If you’re an avid hiker, you probably have struggled with keeping your cellphone safe on the trail at some point. Personally, I cracked my phone screen after I set it down while bouldering.
There’s a good chance you have a similar story, whether you dropped it on a hike, slipped and fell, or any other manner of accidents. Perhaps you’re just worried about potentially damaging your phone in the future.
Either way, there are many options to keep your phone safe when you’re outdoors, and I’ll be helping you find the best way for your adventures!
If you’re hiking, the best way to carry your phone is in a secure pocket, with a case. A dry bag or water-protective, resistant bag or pocket is also ideal depending on the condition. Whether you have pants, jacket, or bag pocket, or anything else, as long as it securely zips or buttons your phone will generally be safe.
A protective case is also ideal in case you potentially do drop or damage it. While your phone may not be perfectly protected if you carry it in your hand, a case will still be helpful in any potential instances that will damage it.
A good deal of how you carry your phone when hiking will rely on what you are wearing and carrying, and if you have it in your hand, but I’ll go over some examples of good ways to carry or protect it, and how to keep your phone safe if you do have it outside of a pocket or bag.
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How can I use my phone when hiking?
Most outdoor activities will have a massive amount of resources available for you to access online. As a climber, I use my phone for navigation, photography or videography, and access to online resources like Mountain Project.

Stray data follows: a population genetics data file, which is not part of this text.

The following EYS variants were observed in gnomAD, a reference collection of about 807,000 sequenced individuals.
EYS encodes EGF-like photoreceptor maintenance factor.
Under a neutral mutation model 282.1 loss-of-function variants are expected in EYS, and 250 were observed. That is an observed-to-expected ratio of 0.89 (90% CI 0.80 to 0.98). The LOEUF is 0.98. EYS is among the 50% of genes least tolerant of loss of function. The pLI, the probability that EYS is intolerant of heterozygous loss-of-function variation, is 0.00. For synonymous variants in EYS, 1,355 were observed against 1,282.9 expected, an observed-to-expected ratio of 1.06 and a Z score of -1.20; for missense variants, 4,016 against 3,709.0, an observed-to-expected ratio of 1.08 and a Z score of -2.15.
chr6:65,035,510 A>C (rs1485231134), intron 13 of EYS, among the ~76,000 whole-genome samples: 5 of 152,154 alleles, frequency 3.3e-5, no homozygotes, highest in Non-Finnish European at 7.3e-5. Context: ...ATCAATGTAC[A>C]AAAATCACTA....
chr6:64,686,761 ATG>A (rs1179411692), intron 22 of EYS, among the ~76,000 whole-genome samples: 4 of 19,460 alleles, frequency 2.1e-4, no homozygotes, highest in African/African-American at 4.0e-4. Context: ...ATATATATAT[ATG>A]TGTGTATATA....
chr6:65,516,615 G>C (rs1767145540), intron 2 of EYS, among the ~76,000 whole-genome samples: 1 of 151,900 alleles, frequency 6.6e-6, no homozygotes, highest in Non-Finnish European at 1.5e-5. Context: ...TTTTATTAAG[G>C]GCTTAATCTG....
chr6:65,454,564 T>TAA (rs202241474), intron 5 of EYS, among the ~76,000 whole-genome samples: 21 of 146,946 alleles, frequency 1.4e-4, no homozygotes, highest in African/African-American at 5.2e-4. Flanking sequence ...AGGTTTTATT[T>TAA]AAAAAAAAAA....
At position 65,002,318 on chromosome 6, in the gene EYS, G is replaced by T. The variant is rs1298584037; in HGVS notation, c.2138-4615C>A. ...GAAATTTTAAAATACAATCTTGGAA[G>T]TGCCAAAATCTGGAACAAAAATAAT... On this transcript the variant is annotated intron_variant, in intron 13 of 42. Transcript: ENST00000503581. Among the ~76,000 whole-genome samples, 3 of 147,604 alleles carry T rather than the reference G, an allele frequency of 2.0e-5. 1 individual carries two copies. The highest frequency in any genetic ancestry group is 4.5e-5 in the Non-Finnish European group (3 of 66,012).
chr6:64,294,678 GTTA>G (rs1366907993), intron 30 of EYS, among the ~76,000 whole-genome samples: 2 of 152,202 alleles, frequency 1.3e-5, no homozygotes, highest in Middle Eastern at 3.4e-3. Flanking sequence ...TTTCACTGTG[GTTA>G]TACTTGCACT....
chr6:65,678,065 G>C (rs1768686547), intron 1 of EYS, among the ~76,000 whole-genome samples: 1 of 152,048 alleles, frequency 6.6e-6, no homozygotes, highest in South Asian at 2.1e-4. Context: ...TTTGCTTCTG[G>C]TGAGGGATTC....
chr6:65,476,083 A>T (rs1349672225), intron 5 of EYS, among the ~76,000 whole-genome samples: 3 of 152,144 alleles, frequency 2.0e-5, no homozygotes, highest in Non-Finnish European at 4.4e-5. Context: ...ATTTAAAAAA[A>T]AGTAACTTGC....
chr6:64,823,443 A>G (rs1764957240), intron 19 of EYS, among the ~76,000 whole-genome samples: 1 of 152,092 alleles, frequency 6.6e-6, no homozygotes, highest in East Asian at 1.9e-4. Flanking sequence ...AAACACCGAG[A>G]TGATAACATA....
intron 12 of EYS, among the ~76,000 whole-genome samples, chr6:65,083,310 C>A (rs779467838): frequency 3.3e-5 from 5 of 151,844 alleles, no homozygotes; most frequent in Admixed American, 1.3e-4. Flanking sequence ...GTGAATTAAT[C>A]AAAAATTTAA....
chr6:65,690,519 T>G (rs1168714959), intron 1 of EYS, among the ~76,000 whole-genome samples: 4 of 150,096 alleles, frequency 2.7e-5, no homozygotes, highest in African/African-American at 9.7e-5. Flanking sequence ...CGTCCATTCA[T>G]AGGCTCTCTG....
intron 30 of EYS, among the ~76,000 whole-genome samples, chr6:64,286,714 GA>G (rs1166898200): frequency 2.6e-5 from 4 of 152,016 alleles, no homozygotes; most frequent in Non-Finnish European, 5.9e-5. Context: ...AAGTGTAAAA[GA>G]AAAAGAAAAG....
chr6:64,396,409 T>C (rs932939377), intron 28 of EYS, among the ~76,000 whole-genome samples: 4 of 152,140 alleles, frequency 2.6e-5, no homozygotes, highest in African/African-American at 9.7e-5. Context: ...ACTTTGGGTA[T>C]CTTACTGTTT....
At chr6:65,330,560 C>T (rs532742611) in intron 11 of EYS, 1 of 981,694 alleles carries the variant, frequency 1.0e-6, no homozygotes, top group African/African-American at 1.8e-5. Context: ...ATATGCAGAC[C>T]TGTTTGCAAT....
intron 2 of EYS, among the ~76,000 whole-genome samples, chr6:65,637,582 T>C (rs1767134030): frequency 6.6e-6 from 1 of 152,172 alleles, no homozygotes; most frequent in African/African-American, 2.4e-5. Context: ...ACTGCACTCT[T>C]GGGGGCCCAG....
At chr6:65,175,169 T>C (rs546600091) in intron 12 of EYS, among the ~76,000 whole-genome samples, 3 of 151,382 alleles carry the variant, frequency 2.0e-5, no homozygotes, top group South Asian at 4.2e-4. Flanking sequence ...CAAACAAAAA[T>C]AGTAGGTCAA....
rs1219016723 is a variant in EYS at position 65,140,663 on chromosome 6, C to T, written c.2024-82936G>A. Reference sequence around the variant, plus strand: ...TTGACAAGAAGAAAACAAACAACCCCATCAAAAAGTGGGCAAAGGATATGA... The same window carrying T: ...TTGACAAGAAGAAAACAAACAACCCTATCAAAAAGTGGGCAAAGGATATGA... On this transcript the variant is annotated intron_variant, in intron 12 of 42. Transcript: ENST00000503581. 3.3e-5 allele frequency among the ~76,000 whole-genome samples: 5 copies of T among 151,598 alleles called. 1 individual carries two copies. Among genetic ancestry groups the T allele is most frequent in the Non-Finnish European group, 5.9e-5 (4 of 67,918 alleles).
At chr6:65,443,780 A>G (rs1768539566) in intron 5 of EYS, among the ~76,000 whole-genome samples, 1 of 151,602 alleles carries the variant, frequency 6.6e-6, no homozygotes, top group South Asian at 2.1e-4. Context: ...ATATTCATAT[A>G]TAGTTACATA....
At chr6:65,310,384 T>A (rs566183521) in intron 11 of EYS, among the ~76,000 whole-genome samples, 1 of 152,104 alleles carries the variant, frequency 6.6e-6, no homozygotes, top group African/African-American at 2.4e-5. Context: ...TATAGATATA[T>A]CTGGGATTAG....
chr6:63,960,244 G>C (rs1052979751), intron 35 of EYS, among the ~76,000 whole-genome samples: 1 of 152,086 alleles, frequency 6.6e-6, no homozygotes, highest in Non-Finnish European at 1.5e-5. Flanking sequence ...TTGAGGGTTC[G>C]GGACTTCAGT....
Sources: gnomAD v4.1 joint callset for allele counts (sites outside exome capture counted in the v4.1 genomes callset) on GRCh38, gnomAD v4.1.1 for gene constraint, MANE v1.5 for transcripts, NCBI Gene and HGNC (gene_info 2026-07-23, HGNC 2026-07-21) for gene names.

There are also several app options available for hiking and other outdoor recreation. Your phone can even be a compass. Generally one of the easiest options is to take pictures of paper maps, but there are many navigational apps.
A few relevant hiking apps are listed below:
- Gaia GPS
- Hiking Project
- National Park Service App
- Cairn (A safety app)
- Google Maps
- Guthook Guides
- iNaturalist (You can take photos to identify plants and wildlife)
Naturally, you’ll have to research different apps and resources to discover which one will work best for your treks and adventures. I only listed some of the more well-known apps, but there are a great number of tools that your phone will offer for outdoor sports and recreation.
Some of these apps can still be used without cell signals or Wi-Fi. Depending on your hike or trip, you may need to make sure the app you are using offers off-grid usage. Even if your favorite phone resources have offline capabilities, you should still carry physical maps and navigation tools.